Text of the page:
FaithWorld

Muslim scholar questions Vatican understanding of Islam

Cardinal Jean-Louis TauranThe cautious Vatican reaction to the dialogue appeal from 138 Muslim scholars has prompted one of the signatories to question whether the top Catholic official for relations with Muslims understands Islam. More specifically, Aref Ali Nayed has asked how Cardinal Jean-Louis Tauran can say that a serious theological dialogue with Muslims is not possible because they will not discuss the Koran in depth. This debate (discussed in an earlier post here) is dense and highly specialised. But it may be at this level that this unprecedented dialogue could take off or fail to ignite.

Nayed, a former professor at the Pontifical Institute of Arabic and Islamic Studies (PISAI) in Rome and main spokesman for the 138 scholars, flatly refutes Tauran’s view. He says Muslims have always interpreted the Koran and studied it both historically and linguistically. Their methods were even the forerunners of the “historical-critical” method that Christians use with the Bible, he says. Protestants began applying this “higher criticism” to the Bible in the 18th century and Catholics accepted it only in 1943, making them latecomers to this exercise in Nayed’s view. I am no specialist on these details and will need to hear reactions from Christian theologians.

Readers interested in Nayed’s argument can read it on the website of Islamica magazine or read Cindy Wooden’s story for the Catholic News Service on it. I’ll just quote the crisp conclusion:

“Unfortunately, Cardinal Tauran’s statement turns out to be based on ill-founded ‘Islam versus Christianity’ ‘contrast tables’ developed and advocated by some ‘Islam experts’. Rather than unilaterally declaring the impossibility of theological dialogue with Muslims, Cardinal Tauran would have been wiser to ask Muslim scholars themselves as to what kind of dialogue they feel is possible, from their point of view. To unilaterally pre-determine what is possible and not possible for the other, on behalf of the other, is one sure way of achieving closure in matters dialogical.”

Pope Benedict and Mufti Mustafa Cagrici pray at Istanbul’s Blue Mosque, Nov. 30, 2006Until we get the Vatican’s official reaction to the Muslim scholars’ letter, we won’t know exactly how it plans to answer this criticism. But comments made by Pope Benedict before and after his election in 2005 strongly hint he has a well-developed view of the difficulty of holding a theological dialogue with Muslims. Fr. Samir Khalil Samir S.J., an Egyptian-born Catholic expert on both faiths who welcomed the dialogue appeal despite some reservations, published this long and detailed analysis of the Pope’s views on Islam in Asianews.it in April 2006.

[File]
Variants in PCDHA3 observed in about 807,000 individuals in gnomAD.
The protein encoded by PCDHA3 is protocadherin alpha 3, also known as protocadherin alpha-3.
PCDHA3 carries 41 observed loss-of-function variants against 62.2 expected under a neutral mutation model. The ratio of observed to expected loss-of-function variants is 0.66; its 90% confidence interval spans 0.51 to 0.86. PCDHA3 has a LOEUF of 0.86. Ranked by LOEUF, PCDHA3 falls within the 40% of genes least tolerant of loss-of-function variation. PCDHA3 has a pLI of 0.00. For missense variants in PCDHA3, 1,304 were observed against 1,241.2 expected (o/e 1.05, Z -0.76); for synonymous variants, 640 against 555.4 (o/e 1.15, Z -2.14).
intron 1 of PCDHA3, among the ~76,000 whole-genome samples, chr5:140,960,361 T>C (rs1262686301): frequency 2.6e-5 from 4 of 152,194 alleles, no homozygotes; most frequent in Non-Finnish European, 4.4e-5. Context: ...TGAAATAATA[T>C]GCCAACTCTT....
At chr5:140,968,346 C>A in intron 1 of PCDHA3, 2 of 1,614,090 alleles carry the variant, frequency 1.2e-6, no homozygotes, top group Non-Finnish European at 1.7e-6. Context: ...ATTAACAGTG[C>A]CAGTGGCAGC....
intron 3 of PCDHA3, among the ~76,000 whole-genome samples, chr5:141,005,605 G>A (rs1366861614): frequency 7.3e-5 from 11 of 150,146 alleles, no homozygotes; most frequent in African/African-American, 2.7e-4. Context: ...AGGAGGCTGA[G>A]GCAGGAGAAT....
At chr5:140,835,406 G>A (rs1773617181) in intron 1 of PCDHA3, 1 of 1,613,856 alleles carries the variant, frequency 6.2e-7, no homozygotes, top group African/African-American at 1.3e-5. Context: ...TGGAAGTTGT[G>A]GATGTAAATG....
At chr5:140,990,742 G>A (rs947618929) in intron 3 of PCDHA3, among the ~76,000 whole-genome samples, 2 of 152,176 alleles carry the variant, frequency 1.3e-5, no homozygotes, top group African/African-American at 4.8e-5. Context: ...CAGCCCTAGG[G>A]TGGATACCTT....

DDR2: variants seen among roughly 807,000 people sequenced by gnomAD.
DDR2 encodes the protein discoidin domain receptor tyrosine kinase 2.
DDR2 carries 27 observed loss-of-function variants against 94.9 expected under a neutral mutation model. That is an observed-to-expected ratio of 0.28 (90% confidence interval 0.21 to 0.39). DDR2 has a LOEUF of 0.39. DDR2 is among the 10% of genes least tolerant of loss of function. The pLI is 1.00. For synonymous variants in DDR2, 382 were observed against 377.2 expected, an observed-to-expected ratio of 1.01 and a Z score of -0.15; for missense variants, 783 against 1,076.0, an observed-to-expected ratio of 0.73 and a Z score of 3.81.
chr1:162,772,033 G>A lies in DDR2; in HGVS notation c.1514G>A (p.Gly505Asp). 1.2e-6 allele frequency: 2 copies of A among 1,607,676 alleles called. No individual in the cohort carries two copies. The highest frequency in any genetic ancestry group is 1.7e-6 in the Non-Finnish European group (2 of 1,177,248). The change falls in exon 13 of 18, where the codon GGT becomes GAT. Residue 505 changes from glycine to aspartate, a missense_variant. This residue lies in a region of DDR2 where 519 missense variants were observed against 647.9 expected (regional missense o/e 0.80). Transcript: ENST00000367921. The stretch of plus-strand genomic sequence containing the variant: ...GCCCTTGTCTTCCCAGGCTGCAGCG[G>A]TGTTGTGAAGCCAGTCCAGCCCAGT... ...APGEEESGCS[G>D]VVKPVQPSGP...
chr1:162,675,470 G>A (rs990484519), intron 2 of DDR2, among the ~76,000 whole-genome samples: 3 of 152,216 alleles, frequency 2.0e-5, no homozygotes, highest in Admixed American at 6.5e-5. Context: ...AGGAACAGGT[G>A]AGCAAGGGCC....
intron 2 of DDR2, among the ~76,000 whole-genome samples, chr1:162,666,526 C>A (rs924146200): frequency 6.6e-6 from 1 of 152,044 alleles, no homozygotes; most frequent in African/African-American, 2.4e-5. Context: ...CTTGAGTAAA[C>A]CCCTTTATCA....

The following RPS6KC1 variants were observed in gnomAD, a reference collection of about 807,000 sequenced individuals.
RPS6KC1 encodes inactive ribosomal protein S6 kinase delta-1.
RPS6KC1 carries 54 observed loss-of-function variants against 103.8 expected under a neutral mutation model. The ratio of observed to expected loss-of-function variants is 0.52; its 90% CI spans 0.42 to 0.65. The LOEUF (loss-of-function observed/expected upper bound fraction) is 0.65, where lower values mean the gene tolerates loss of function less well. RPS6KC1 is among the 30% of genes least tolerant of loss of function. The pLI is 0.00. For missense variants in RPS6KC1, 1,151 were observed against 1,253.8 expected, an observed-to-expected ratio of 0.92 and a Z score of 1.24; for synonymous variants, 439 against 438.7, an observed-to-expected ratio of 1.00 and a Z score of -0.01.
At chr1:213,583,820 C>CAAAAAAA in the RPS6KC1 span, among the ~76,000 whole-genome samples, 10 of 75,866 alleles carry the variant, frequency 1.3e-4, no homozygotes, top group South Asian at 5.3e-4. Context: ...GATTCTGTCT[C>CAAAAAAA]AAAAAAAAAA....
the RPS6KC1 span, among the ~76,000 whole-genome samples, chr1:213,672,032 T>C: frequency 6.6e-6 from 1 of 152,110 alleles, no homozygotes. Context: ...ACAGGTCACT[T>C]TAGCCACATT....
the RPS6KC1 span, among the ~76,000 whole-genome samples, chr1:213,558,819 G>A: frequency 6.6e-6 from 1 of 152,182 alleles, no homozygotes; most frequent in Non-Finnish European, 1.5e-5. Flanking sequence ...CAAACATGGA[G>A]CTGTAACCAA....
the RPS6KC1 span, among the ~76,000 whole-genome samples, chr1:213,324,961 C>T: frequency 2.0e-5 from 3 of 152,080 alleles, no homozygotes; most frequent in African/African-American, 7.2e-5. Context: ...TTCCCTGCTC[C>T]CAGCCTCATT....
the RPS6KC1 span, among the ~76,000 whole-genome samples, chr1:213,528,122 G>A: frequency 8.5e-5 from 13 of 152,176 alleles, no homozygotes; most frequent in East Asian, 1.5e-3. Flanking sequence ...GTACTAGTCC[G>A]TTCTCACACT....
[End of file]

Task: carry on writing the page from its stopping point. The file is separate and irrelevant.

Ball in Vatican’s court after Muslim dialogue appeal

Pope Benedict prays with Muslim clerics in IstanbulAn unprecedented call from 138 Muslim scholars for better Christian-Muslim understanding had a Warholesque 15-minutes-of- fame in most media last week. Their letter to world Christian leaders got covered widely in English-speaking media (including by Reuters) and much less so in many European countries, possibly because the news conferences presenting it were in London and Washington. Some reactions from Christian leaders were included in the reporting that day. The following day, the reaction from the Vatican — the main addressee of the letter that represents more than half of Christianity — made for another story (here is our report and the original Vatican Radio report in Italian).

The story has now faded from the headlines but it’s one of those developments that cry out for a next step. The Muslim scholars invited their Christian counterparts to a dialogue, so the ball is in the Christians’ court. More specifically, it’s in the Vatican’s court. The Roman Catholic Church is the largest and most centralised branch of the Christian family. The Muslims also have a bone to pick with Pope Benedict, who just over a year ago gave his famous Regensburg speech that implied Islam was violent and irrational. That sparked off violent protests in the Muslim world and, in turn, inspired 38 Muslim scholars to write a first letter in October 2006 that denounced that violence, asked for a dialogue (which Benedict had suggested in Regensburg) and questioned his understanding of Islam.

The latest letter is a follow-up, with a far larger group of signatories and the more ambitious goal of engaging in a theological dialogue with Christians. The wealth of Koran and Bible quotes cited and the argument that Islam agrees with the heart of Christian teaching — to love God and neighbour — showed these scholars want a long and serious theological discussion with Christianity.